Explaining the Hyper-V authorization model, part five

Hyper-V uses a role based authorisation model for access checks. This series of articles takes a look at the model; defines the available primitives; and walks through a couple of examples. (I actually wrote most of this many months ago – only finally found the time to post it up!).

Quick links: Part1; Part 2; Part 3; Part 4  

This post describes a change to the authorisation model in Hyper-V for Windows Server 2008 R2. If you recall from part one, I mentioned that there are 33 operations defined in AZMan for Windows Server 2008, and 34 operations for Windows Server 2008 R2.

The new operation has ID 355, ‘Allow Virtual Machine Snapshot’.


Why (to me) is this useful? Have you ever been confronted with a screen such as the following where you want to make Hyper-V Manager the foreground application, but accidentally hit the ‘Snapshot’ action in the MMC? I assure you, I have, several times.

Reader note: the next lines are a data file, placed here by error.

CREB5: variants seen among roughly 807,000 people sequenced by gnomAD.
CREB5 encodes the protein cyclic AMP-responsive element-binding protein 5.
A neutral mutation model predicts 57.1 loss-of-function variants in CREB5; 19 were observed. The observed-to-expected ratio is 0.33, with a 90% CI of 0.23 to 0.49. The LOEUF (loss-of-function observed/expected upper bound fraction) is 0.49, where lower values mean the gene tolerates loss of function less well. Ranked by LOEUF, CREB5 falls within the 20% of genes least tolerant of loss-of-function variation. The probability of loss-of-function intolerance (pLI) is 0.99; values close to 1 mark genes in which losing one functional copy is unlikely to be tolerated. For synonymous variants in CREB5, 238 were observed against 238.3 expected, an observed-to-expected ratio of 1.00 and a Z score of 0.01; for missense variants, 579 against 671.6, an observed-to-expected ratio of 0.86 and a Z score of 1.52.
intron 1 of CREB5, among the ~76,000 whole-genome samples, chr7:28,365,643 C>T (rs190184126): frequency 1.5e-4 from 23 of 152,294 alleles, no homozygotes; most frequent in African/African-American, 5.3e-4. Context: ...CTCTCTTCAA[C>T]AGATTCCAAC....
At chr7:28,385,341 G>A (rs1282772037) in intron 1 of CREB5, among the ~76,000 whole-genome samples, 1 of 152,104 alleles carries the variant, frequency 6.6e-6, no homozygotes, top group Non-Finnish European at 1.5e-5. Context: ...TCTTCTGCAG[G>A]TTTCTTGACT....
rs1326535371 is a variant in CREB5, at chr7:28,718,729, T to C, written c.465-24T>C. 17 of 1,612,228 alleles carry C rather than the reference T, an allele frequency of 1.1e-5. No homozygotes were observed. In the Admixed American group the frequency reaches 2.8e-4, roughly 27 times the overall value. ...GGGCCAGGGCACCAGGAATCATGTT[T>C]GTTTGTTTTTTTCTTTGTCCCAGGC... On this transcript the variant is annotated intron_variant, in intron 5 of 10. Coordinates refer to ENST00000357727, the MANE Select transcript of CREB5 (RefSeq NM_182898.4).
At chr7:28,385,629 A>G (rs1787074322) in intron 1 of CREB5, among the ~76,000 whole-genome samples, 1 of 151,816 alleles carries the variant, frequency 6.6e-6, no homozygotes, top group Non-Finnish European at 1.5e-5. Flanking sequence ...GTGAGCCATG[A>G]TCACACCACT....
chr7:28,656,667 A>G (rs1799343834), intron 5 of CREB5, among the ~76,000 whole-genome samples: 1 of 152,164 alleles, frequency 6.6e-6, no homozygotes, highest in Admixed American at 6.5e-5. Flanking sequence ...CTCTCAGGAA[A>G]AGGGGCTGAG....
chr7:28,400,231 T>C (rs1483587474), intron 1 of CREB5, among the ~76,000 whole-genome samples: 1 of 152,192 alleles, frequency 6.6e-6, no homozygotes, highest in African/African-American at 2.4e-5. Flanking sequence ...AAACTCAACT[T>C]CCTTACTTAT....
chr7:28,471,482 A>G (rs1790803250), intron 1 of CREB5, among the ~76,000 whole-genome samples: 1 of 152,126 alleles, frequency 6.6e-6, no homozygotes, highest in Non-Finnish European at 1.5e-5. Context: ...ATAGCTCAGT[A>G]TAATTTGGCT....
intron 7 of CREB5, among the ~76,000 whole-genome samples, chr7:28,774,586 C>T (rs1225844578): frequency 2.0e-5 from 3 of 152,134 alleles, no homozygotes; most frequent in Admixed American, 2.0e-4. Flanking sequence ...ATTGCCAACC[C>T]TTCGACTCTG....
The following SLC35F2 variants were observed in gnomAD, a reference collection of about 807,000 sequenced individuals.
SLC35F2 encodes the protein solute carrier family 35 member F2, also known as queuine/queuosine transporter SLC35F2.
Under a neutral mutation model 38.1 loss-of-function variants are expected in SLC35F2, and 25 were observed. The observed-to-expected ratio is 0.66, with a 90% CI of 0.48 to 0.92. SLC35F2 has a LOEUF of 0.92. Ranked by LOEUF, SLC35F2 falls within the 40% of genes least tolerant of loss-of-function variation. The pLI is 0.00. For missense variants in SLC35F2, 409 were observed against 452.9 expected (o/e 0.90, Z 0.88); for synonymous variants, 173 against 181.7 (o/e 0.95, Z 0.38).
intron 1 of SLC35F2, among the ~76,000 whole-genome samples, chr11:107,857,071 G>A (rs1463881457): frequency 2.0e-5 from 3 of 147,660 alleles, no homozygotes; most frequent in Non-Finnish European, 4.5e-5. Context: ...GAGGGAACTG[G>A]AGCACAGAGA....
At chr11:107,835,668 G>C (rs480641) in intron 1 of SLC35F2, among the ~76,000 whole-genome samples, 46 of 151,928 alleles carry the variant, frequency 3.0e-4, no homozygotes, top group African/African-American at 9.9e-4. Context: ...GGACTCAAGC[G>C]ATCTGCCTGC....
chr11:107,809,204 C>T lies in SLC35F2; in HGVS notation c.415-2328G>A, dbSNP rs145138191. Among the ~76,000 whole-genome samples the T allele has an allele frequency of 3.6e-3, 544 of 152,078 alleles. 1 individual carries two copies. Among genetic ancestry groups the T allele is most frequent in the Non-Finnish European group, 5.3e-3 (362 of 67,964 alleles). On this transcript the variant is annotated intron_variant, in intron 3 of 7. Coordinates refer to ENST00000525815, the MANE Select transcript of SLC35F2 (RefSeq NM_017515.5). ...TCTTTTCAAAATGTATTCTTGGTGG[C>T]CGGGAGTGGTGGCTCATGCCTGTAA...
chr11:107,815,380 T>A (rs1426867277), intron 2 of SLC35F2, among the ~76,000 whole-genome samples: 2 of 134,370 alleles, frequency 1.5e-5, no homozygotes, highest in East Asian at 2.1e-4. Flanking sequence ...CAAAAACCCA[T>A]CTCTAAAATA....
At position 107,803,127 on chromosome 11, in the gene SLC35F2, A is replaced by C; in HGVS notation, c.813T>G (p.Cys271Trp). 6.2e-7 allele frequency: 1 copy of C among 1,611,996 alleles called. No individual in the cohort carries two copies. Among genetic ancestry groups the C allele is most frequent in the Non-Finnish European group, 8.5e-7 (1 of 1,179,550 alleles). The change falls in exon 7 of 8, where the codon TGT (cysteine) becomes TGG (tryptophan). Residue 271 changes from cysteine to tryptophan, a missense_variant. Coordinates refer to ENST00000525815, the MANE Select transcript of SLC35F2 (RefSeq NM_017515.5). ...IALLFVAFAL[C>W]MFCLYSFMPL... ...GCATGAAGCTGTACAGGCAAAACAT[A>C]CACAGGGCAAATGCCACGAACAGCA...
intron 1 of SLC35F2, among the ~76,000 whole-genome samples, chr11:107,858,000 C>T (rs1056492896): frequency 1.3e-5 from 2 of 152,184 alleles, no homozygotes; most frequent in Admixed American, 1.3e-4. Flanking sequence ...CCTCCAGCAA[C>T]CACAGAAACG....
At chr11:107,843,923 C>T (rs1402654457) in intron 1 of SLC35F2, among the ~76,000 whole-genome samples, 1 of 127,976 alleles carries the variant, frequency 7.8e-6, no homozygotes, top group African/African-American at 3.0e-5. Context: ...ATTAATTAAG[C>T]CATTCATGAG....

The problem with accidentally hitting that action is that you could now find your production virtual machine using a differencing disk, with reduced performance (at least in v1 – not the case in R2), or the possibility of physical disk space running out. Further, to merge the changes back to the parent VHD so that a differencing disk is no longer being used, you need to delete the snapshot, shut down the virtual machine, wait for the merge to complete and then restart the VM. This is particularly painful when the VM in question is your ISA server for outbound Internet connectivity, or your Exchange server your clients (wife and children in my case) are using for email?


In part six, I’ll look at a solution that I personally use at home on my Windows Server 2008 R2 production environment that builds on what’s been learnt so far to ensure that I can’t accidentally snapshot critical production VMs, but am able to snapshot test VMs to my hearts delight.